Lynne: Well, I have to tell you that from the first time I ever walked into a record label there’s never been anybody there who did not want to see me be the biggest recording star in the world. I have to say that first, because I’ve never had – except for the time I had to lock somebody in a closet and break their shoulders and bring out firearms, everything was pretty fun.
Tavis: Except for that, yeah.
Lynne: Yeah, except for those times. (Laughter) But I have to say that it has been a battle because you have that thing about hit records and then you have that thing about good records, and I just kind of like to make good records, and that doesn’t necessarily make a lot of money.
Tavis: But you’ve said that now in one way, shape, or form a couple of times, and to your point, you’re consistent about this every time we talk. I’ve never seen anybody who is more comfortable with what they do sell, comfortable running in the lane that they run in, will tell you up front, “Hey, I don’t sell a lot of records, but I got a loyal base and I want to please that base.”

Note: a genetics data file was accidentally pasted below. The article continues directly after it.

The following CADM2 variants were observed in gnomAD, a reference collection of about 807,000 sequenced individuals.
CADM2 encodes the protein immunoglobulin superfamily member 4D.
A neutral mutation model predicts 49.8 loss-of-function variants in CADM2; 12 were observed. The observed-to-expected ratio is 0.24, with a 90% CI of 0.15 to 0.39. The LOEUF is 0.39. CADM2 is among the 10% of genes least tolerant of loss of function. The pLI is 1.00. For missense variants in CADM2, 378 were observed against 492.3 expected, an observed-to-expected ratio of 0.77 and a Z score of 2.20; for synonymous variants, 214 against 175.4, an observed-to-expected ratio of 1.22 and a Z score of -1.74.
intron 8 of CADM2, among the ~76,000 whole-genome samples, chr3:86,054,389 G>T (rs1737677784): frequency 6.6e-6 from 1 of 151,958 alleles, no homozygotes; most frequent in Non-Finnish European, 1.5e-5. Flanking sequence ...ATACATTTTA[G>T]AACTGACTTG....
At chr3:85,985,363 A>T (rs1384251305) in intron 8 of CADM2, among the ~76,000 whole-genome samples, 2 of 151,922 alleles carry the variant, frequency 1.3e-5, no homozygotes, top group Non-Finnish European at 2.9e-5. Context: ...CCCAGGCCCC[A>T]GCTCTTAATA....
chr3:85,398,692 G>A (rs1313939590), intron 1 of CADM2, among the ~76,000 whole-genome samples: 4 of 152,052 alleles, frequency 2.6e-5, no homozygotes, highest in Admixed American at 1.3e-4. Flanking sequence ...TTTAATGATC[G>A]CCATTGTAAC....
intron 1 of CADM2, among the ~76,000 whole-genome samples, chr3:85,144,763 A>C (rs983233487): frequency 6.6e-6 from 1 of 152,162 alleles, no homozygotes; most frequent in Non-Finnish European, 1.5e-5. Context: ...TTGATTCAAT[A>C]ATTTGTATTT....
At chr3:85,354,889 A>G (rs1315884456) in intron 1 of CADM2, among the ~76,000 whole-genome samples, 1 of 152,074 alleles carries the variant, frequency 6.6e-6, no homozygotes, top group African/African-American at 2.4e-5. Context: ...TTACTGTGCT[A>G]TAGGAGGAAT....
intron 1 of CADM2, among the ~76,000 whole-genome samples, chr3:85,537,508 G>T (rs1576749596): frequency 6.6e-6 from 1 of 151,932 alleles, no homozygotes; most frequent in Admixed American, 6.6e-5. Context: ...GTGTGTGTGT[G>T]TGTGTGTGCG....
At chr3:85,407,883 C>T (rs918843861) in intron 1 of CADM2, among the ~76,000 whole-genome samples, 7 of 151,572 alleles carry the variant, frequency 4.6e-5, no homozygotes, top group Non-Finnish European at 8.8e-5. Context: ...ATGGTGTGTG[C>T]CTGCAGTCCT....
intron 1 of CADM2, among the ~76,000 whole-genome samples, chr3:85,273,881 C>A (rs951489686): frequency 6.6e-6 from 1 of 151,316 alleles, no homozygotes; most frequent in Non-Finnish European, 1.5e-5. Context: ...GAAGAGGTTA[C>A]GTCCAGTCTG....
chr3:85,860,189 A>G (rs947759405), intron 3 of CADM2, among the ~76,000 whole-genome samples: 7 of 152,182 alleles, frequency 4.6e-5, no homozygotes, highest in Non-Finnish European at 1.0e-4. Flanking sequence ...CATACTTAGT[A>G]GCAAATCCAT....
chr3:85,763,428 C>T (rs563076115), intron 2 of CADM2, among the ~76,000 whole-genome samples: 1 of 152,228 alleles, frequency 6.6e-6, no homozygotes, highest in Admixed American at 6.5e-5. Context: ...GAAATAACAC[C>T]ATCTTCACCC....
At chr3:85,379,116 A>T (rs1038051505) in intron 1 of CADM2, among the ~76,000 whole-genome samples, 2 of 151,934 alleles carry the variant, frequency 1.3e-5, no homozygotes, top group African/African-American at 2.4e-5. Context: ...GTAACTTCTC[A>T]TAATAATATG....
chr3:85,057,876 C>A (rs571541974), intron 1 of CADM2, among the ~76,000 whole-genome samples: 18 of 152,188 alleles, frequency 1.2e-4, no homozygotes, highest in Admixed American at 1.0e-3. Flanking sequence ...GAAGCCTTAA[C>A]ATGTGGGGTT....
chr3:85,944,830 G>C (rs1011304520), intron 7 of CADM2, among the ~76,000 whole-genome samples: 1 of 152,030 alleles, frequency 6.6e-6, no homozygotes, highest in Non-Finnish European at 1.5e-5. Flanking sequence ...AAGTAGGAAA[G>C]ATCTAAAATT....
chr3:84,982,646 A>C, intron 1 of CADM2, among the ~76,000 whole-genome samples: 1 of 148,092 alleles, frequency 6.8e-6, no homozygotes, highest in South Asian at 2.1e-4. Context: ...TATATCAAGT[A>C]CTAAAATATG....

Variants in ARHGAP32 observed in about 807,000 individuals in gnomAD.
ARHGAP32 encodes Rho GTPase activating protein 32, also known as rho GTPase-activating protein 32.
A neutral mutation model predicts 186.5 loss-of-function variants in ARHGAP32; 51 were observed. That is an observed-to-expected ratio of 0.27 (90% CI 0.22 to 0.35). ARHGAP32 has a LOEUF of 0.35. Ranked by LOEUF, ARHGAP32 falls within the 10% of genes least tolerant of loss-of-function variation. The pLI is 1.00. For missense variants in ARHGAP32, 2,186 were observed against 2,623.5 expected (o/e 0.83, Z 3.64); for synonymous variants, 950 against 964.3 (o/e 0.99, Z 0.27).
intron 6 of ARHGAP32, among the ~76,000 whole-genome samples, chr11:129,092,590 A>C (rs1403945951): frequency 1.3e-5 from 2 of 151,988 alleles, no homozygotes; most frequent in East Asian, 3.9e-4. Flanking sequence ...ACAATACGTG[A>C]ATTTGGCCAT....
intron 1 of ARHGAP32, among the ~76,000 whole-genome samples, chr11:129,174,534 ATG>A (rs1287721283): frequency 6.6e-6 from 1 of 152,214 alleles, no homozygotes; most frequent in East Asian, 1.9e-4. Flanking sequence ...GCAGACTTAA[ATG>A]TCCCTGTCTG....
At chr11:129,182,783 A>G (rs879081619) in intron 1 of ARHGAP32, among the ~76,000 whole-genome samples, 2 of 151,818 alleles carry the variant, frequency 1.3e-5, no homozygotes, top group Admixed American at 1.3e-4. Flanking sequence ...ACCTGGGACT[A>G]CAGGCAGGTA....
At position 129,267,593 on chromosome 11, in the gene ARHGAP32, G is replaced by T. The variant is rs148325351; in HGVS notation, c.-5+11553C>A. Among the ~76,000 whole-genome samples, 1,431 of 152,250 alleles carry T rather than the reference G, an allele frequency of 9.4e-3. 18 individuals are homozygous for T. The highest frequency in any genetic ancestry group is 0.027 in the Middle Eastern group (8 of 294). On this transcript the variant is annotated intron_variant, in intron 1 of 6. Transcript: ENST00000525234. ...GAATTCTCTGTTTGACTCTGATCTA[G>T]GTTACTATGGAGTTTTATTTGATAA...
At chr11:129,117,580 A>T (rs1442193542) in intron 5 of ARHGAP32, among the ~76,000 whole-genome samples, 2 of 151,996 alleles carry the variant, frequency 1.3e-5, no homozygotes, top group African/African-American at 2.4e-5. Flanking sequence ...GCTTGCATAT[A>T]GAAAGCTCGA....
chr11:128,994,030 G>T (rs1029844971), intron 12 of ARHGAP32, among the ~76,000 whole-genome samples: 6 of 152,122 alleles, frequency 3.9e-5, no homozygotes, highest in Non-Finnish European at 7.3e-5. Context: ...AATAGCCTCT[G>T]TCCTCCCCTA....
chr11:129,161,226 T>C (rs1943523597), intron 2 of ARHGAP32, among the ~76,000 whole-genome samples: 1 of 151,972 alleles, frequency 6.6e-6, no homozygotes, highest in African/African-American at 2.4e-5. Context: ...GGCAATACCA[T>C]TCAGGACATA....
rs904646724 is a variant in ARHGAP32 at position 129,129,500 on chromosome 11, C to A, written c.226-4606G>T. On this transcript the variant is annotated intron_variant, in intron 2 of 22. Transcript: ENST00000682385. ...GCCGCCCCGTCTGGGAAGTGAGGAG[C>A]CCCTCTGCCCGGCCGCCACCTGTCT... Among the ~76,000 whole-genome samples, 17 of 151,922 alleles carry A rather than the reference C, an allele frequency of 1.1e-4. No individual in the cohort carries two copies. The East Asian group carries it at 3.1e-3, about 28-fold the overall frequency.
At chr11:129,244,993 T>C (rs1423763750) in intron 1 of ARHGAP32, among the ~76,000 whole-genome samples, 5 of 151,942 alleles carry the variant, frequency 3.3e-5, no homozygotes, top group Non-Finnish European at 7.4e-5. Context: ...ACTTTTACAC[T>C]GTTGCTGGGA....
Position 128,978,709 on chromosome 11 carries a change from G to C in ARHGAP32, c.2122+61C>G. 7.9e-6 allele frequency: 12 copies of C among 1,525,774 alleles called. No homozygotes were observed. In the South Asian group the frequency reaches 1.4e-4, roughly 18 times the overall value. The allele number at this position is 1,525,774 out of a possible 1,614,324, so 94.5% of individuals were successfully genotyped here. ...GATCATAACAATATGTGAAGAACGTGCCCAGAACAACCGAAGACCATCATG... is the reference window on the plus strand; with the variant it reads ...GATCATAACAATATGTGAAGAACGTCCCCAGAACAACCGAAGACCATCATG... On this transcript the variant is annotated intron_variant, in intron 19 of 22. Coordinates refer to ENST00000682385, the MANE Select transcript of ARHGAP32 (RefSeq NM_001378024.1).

You seem so comfortable with that. How did that ease around that issue come for you?
Lynne: Because you know why? It is what it is, and these people come to see me sing all over the country who have spent their money since I was 18 to buy whatever I provide for them, and I’m just as loyal to them as they are to me, and it is important to pick up new ones along the way. Come on, Tavis, I’m not a spring chicken anymore, so I’ve got to make this stuff important. And by the way, I don’t mind being old. I’m finally the age I think I ought to be. (Laughter)
Tavis: That sounds like a song.
Lynne: I’ll write it.
Tavis: You should write that. I think – where’s my pen? I could write that.
Lynne: You can take that one.